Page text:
[August 25, 2010]
It's official! We've changed our name to The Humanist Hour!
A new installment of the AHA's Audio Podcast is available for listening. Keep reading to find out about the guests on this month's show.
You can listen to the show using the podcast player in the player below, or download the show here.
For a complete list of The Humanist Hour Audio Podcast episode details and transcripts of our show, visit: AmericanHumanist.org/hnn/podcast.
In this month's audio podcast, Jes Constantine and guest co-host Jennifer Bardi introduce and discuss clips from AHA's 69th Annual Conference, which took place earlier this summer in San Jose, CA. Listen to Bill Nye the Science Guy accepting our Humanist of the Year award.
The Humanist of the Year (HoTY) award was established in 1953 to recognize a person of national or international reputation who, through the application of humanist values, has made a significant contribution to the improvement of the human condition.
So typically the HoTY isn't being honored for his or her work in the previous year, as with Time magazine's Person of the Year. Instead, the HoTY is someone whose career and contributions to society are being lauded at the same time that their humanist credentials are being brought to the fore.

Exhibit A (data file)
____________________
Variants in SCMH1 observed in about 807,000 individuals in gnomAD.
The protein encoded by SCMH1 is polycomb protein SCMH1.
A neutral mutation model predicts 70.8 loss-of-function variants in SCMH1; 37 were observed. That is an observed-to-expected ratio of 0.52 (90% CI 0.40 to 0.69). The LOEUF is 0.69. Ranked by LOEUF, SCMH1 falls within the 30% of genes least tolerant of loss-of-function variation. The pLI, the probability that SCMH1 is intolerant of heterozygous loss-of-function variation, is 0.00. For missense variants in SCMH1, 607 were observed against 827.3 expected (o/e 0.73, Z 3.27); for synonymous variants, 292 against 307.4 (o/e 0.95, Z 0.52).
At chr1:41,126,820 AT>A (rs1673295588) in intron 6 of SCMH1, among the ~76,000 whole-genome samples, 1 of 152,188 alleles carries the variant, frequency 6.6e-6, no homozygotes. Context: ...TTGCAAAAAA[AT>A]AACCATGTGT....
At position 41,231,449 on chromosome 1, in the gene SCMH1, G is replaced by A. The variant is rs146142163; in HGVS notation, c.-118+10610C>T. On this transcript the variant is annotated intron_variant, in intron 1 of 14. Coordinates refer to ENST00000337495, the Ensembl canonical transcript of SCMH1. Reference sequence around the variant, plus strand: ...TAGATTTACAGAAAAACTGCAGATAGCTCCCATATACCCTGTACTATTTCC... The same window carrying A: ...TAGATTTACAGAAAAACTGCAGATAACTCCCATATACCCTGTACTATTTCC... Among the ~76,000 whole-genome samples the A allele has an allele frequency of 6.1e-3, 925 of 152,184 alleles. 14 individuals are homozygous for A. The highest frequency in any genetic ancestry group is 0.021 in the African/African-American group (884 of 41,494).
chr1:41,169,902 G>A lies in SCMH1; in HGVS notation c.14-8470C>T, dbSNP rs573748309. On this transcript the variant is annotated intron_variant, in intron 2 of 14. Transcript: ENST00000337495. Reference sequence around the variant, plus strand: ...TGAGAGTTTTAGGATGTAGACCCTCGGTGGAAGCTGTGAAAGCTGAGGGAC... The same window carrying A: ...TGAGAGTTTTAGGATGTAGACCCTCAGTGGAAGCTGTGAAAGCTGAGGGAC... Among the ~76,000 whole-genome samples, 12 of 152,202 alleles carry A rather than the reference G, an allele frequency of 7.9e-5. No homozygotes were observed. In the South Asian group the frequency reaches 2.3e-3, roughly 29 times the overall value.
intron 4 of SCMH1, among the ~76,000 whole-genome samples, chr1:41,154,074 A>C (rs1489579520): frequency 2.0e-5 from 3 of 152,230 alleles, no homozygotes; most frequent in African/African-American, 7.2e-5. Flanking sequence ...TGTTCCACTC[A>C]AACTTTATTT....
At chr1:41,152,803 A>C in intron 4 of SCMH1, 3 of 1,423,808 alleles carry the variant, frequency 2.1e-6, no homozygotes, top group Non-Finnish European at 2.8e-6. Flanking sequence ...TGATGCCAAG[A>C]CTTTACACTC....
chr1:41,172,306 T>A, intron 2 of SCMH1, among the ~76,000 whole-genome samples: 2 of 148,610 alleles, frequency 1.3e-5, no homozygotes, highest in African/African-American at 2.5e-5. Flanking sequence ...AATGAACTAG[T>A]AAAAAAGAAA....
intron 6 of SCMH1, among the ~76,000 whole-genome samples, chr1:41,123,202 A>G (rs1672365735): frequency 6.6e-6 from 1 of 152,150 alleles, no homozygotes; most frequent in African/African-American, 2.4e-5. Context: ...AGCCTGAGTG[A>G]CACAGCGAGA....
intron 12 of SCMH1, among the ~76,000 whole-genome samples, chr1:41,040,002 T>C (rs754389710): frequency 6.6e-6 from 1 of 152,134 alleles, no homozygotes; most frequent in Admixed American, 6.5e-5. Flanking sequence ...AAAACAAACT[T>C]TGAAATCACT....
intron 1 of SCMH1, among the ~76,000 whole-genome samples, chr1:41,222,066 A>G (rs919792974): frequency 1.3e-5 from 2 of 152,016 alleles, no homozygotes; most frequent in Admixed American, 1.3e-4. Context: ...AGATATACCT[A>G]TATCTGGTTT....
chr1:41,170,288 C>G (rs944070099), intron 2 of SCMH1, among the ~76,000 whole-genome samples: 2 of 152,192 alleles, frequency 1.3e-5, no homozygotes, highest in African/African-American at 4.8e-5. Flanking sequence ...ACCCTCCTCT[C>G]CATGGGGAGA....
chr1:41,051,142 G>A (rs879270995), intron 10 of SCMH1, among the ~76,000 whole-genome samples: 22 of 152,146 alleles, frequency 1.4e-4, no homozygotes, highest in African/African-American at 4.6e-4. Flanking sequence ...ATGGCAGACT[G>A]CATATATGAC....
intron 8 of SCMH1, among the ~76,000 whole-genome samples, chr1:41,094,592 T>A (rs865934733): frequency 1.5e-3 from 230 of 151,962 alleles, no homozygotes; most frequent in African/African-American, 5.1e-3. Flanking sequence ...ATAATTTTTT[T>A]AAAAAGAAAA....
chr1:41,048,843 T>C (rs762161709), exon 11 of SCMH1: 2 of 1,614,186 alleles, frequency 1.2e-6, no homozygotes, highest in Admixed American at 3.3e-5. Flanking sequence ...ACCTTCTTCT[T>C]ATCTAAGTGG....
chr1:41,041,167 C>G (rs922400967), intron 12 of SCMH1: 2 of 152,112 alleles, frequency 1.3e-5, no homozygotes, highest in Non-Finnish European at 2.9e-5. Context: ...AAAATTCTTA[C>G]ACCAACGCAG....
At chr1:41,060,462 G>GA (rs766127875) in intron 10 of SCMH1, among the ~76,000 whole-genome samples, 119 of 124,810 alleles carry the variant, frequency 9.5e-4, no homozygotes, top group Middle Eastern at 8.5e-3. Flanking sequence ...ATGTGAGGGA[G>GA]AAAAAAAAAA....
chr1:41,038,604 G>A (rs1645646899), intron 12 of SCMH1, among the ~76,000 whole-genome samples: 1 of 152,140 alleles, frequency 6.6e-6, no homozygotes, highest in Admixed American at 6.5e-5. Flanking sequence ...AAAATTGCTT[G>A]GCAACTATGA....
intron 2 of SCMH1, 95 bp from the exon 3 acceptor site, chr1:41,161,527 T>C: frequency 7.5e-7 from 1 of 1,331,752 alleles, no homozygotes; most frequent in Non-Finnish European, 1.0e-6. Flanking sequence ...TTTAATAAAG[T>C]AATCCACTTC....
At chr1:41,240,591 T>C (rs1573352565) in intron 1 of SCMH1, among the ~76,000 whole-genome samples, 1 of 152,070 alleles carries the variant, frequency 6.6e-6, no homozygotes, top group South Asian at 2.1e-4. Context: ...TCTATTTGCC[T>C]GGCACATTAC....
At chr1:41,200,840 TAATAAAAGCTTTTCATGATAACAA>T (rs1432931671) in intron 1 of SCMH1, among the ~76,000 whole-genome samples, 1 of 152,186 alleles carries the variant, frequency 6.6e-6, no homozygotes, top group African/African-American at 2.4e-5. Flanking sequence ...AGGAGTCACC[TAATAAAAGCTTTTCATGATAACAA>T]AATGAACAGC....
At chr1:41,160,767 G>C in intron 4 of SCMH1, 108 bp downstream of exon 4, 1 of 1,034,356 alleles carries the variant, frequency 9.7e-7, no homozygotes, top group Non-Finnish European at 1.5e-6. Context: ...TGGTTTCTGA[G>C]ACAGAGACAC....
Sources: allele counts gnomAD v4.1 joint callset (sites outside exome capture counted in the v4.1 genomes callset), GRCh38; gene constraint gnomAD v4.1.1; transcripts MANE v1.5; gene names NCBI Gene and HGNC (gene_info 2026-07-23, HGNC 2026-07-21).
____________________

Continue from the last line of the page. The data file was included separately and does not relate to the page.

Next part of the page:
These folks aren't known as humanists, per se, and they often resist identifying themselves as such even after accepting the award. But the point is they are ambassadors for humanism. They are popular figures in science, politics, business, philosophy, and the arts. Did you know that Ted Turner was Humanist of the Year? Alice Walker? R. Buckminster Fuller? Joyce Carol Oates? Apparently, Turner was one of those who flew in, accepted the award, and promptly left the conference. Others like Asimov, Vonnegut, and the 2009 HoTY PZ Myers hung around all weekend. (Vonnegut's acceptance speech, by the way, was titled, "Why my dog is not a humanist.")
So when AHA card-carrying humanists wonder why we don't bestow the HoTY award upon "real" humanists who've been involved with the movement for years we must explain this idea of ambassadorship by the famous. Bill Nye didn't shy away from it, and as you'll hear, he embraced the organization, its members, and its values quite demonstrably.
Images from this month's episode:
Links from this month's episode:
The Humanist Magazine: thehumanist.org
Bill Nye the Science Guy: BillNye.com
Podcast RSS Feed: http://feeds.feedburner.com/HNN_Podcast
Music from this month's episode:
"Sound Scientist" by Bill
Editor's Note: Though we recommend subscribing to our podcast using a program like iTunes, you can start listening right now by downloading audio file directly:
|The first episode of "The Humanist Hour" podcast
was recorded at what the Albany Humanist
community refers to as "The Castle".
|The Humanist Hour co-host, Jennifer Bardi, at recording room
in "The Castle"